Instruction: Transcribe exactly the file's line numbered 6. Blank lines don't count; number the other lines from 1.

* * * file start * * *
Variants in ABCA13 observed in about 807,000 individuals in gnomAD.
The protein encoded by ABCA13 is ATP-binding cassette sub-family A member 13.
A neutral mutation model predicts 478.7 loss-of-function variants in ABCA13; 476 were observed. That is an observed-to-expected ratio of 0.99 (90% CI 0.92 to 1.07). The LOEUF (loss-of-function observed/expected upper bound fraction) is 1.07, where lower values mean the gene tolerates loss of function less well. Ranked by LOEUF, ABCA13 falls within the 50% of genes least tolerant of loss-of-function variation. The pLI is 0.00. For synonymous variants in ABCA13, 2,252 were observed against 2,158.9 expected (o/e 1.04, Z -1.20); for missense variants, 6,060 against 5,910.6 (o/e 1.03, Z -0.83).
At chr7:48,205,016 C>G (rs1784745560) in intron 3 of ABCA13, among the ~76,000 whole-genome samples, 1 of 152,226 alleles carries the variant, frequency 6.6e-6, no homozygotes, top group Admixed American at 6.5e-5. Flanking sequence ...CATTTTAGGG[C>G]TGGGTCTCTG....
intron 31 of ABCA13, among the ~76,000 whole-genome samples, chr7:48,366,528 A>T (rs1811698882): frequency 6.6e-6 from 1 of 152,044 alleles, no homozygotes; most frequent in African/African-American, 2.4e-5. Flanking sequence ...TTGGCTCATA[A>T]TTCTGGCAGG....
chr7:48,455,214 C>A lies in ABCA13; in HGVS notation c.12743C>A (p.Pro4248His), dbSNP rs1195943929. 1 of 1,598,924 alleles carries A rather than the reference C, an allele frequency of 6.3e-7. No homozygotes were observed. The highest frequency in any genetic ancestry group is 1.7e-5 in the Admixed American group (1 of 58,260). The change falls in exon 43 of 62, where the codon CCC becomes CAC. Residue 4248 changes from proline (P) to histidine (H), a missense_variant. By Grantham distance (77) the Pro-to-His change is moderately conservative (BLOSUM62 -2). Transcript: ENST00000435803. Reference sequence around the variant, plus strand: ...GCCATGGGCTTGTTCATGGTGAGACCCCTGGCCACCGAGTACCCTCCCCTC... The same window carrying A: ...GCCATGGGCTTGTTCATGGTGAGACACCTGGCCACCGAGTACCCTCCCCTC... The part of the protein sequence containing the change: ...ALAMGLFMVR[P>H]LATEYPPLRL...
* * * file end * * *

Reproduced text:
chr7:48,455,214 C>A lies in ABCA13; in HGVS notation c.12743C>A (p.Pro4248His), dbSNP rs1195943929. 1 of 1,598,924 alleles carries A rather than the reference C, an allele frequency of 6.3e-7. No homozygotes were observed. The highest frequency in any genetic ancestry group is 1.7e-5 in the Admixed American group (1 of 58,260). The change falls in exon 43 of 62, where the codon CCC becomes CAC. Residue 4248 changes from proline (P) to histidine (H), a missense_variant. By Grantham distance (77) the Pro-to-His change is moderately conservative (BLOSUM62 -2). Transcript: ENST00000435803. Reference sequence around the variant, plus strand: ...GCCATGGGCTTGTTCATGGTGAGACCCCTGGCCACCGAGTACCCTCCCCTC... The same window carrying A: ...GCCATGGGCTTGTTCATGGTGAGACACCTGGCCACCGAGTACCCTCCCCTC... The part of the protein sequence containing the change: ...ALAMGLFMVR[P>H]LATEYPPLRL...